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An update from Evaneos

The cost of living in Iceland

You might as well know this right away, Iceland is an expensive destination. Accommodation, food, transport, activities, everything has a cost which you must estimate so as not to find yourself in difficulty once over there. If your budget can easily sky-rocket, it can also be kept well under control depending on your choices, for, in Iceland, nature is free of charge and if you choose a certain type of accommodation and transport over another, prices will plummet. A general survey of the prices that you will encounter while on a trip to Iceland.

Iceland was a destination that was almost impossible to afford before the 2008 crisis. After the crisis, the Icelandic crown collapsed and there emerged a time when prices were affordable. Expensive but affordable... Then as Iceland rose out of the crisis, so did its prices. 

You ought to be aware that in Iceland there are two seasons: the peak season for both tourists and prices, from May to September, and the rest of the year. Prices can drop by as much as 20 to 30% in the low season as compared to the peak season. 


Iceland offers all kinds of accommodation, from youth hostels to luxury hotels. The most common types of accommodation are farms and guesthouses. In summer, from June to September, a good way to keep your budget down is to resort to camping. It is possible to hire your equipment on the spot. Remember to be fully equipped against the cold, even in the heart of August! For accommodation in a double room allow 15,000 to 22,000ISK (80 to 120£) on average. 


In Iceland, hiring a car can quickly hike up the price of your trip, especially if you opt for a 4x4. This last is mostly useful in winter, when there is snow and frost and in summer, if you travel across the inland tracks. Remember to book ahead to take advantage of the best prices. If you stay on the n°1main road, a saloon car will do just fine.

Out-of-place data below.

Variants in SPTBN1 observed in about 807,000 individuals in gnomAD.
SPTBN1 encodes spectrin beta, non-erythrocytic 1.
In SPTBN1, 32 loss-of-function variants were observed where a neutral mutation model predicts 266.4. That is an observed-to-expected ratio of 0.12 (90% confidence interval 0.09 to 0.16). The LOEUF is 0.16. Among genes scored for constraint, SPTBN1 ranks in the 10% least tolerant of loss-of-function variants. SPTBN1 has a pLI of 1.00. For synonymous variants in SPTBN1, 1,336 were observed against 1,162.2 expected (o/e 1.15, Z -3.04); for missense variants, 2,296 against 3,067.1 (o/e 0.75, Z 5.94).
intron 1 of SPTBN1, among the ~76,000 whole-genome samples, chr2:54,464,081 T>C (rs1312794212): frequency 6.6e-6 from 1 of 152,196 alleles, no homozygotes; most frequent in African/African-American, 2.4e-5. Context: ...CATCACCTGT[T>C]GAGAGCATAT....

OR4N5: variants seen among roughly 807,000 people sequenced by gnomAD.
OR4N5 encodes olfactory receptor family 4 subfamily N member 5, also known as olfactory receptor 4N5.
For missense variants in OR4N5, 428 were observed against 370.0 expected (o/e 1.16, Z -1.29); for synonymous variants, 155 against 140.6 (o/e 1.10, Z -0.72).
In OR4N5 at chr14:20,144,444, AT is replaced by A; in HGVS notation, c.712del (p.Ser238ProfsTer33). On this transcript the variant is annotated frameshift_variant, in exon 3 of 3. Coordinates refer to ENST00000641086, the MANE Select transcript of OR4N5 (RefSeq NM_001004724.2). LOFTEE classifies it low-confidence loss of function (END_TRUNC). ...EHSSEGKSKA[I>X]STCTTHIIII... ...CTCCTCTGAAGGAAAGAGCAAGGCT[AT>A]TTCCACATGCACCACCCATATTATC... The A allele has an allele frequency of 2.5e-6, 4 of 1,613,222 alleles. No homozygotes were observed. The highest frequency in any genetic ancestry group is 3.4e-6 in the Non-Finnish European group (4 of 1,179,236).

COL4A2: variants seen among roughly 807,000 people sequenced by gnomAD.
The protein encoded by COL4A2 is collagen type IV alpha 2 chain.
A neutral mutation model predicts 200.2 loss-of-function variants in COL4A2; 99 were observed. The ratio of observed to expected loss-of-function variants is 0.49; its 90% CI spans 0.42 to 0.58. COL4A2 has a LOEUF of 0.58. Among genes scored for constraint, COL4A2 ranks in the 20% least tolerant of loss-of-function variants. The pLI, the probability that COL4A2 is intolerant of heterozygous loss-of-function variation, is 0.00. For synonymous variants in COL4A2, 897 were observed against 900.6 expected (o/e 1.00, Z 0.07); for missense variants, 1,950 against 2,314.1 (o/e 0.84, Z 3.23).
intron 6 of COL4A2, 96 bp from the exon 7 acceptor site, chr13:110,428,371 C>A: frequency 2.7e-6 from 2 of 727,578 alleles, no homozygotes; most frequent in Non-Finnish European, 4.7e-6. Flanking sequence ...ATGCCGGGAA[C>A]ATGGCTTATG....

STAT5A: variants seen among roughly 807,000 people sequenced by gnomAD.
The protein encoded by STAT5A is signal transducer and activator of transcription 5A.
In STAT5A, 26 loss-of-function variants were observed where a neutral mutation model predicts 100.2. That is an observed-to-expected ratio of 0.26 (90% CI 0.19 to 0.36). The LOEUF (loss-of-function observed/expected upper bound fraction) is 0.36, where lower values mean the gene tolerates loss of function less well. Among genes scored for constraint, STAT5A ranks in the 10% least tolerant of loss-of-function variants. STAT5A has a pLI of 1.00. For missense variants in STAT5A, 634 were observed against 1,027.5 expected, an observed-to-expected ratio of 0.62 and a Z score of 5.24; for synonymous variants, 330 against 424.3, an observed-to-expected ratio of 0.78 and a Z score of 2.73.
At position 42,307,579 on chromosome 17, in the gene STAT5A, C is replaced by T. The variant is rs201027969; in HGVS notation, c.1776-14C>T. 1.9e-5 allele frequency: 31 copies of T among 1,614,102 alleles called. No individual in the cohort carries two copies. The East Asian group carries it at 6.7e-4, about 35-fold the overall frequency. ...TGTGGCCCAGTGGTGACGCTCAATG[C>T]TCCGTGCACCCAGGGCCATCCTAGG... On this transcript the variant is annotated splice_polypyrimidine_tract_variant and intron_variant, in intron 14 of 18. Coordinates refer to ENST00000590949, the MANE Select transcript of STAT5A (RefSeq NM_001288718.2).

The bus system is well-developed and in summer especially, it is possible to go everywhere on the island. Fares are not cheap, but bus passes exist. It is also a good way to go into the hinterland without having to drive a 4x4 and negotiate difficult roads. 

As a last option, hitch-hiking can prove quite effective, often paying off thanks to the kindness of the locals and as the country is reasonably free of danger it is worth a try. The only risk: that nobody drives by!


In Iceland, eating out can put quite a dent in your budget. Expect to easily pay 3,000 to 4,000ISK (16 to 24£) for a single dish and 7,400ISK (40£) for a meal. Fresh and local products are often very good and you should at least test one or two particular places to taste the lamb and fish in particular.

Icelanders have picked up the junk food of Americans stationed on the island and so you will find burgers and hot-dogs in every petrol station - not expensive, but not necessarily healthy either!

Lastly, it is possible to buy food and do your own cooking in many guesthouses and so make as many picnic lunches as you can. 

In the morning, the breakfast served in your place of accommodation is often very good and plentiful, made up of cheese, tomatoes, cucumbers, cereal, black bread... An ideal way to start the day, do not miss out on this!

Restaurant in the Western fjords

Emmanuelle Bluman
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